Celebrating the Chinese New Year – Year of the Dog 2018

Chinese New Year celebrations in Kuala Lumpur are slowly coming to a close! The official Chinese New Year also called ‘Spring Festival’ or ‘Lunar New Year’ began on February 16th and although the first 3 days are the most important, many celebrate for 15 consecutive days! The Chinese Zodiac for this year was the Year of the Dog. Just to note, my Chinese Zodiac is the Monkey, Antoine’s is the Pig, Ariane’s is the Horse and Aegeus’s is the Rooster! So we are one big happy Chinese Zodiac animal family!

KL was bustling with the color red, which is the main color for the festival and symbolizes prosperity and good luck! Red lanterns, cherry blossoms and red couplets adorned the malls, restaurants, buildings, streets and homes!

There are many traditions that come along with the Chinese New Year and so I wanted to share some of my favorites…

Dragon Dances
I was not in Malaysia for last year’s Chinese New Year celebrations, so seeing these dances and performances were a first time for me and I really enjoyed them! To Chinese people, dragons are legendary animals that are helpful and friendly. They are known to scare away evil spirits, bring wisdom, good luck, wealth and prosperity. Ariane had a small fear of these dancing dragons until we reassured her that they were ‘friendly dragons’ and then she was all good! Hopefully when we one day return to the States and she starts seeing the super scary fire-breathing dragons that steal princesses, eat people and tongue torch homes, she will remember the ‘friendly dragons’ from Malaysia!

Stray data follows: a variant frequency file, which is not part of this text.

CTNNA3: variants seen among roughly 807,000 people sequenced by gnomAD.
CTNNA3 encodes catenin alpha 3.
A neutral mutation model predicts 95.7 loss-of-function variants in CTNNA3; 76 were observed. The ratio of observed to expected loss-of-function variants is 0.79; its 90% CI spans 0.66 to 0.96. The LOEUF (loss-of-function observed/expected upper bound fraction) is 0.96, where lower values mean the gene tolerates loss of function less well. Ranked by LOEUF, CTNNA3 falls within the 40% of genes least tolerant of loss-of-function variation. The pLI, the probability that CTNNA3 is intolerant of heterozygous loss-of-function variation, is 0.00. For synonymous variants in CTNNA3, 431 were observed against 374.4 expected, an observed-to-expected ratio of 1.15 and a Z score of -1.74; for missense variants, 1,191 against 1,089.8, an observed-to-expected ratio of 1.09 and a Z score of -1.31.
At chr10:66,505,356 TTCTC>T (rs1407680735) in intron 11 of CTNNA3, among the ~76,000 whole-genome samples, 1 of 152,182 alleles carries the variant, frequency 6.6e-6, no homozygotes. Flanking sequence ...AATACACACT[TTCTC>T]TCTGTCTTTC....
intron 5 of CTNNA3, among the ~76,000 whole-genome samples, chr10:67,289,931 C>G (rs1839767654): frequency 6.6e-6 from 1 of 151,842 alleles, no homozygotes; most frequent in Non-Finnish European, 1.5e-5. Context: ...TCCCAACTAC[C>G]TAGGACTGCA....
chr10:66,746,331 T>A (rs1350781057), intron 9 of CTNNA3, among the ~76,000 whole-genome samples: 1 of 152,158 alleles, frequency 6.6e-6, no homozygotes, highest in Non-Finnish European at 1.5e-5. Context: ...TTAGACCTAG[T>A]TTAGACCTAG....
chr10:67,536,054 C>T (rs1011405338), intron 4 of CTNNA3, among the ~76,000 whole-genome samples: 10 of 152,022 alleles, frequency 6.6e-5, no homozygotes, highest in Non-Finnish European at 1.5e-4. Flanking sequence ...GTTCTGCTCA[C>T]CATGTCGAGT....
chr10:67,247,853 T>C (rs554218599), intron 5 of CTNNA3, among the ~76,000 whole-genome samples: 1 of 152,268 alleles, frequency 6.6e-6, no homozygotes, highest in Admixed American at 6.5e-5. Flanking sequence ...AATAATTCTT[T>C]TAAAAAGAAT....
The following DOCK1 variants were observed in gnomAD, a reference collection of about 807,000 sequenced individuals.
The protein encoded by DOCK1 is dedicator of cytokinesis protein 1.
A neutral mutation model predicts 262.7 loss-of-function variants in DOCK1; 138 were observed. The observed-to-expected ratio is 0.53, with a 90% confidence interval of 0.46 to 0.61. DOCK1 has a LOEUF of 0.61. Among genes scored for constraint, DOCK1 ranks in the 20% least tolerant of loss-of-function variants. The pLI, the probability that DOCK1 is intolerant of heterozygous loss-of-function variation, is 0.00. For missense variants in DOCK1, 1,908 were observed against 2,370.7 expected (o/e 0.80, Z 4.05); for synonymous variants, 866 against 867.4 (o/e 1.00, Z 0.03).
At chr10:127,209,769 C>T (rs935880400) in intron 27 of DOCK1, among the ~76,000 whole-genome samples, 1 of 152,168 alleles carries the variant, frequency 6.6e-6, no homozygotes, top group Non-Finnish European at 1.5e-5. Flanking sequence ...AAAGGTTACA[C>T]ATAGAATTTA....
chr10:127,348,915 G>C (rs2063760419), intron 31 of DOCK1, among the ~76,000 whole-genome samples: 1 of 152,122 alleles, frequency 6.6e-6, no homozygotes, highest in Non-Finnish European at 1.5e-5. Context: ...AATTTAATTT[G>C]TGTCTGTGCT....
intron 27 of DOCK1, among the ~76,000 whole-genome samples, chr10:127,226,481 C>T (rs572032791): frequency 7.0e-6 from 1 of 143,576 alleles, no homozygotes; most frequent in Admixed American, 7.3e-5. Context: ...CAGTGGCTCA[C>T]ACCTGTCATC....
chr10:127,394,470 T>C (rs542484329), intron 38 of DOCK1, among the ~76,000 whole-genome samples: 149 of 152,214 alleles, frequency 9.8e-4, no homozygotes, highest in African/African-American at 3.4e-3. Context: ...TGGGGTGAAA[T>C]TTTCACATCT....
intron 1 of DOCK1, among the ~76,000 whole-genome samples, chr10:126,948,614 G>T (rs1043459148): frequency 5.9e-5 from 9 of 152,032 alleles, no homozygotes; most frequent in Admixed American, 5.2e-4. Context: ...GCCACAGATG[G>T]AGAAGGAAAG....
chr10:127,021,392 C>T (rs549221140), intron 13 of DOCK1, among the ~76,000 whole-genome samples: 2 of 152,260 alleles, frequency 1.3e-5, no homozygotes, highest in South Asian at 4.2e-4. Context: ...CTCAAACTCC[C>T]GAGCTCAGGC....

Okay so dragons are known to have super powers that enable them to fly in the air, swim in the sea and walk on land. It is the tradition that every year during Chinese New Year for dragon dances to be performed in homes, condominiums and even shop fronts in shopping malls. The dragons used in Dragon dances are made from cloth, held and raised by a pole and can measure anywhere from a few metres long up to a hundred metres. Supposedly, the longer the dragon, the luckier one will be if touched by the dragon. Good news for Ari because I think the ‘friendly dragon’ at her school during the dragon dance skimmed the top of her pigtails so Ari should be pretty lucky going forward. During the dance there is one man who acts as the head or dragon master as I will call him; and as the dragon master, he entices the Dragon by using a pole and the Dragon will follow him around supposedly searching for wisdom.

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Lion Dances
Different then the dragon dance, in a lion dance, there are two performers making up each lion – one is the head which defines the lion’s personality, and one at the back for the tail. Apart from their legs, they are completely covered by their costume.
A typical lion dance would have one or more lions performing different acrobatic movements, as the art form has its basis in Chinese martial arts.
It’s accompanied by a live percussion band, featuring drummers, cymbals and gongs. And is quite loud!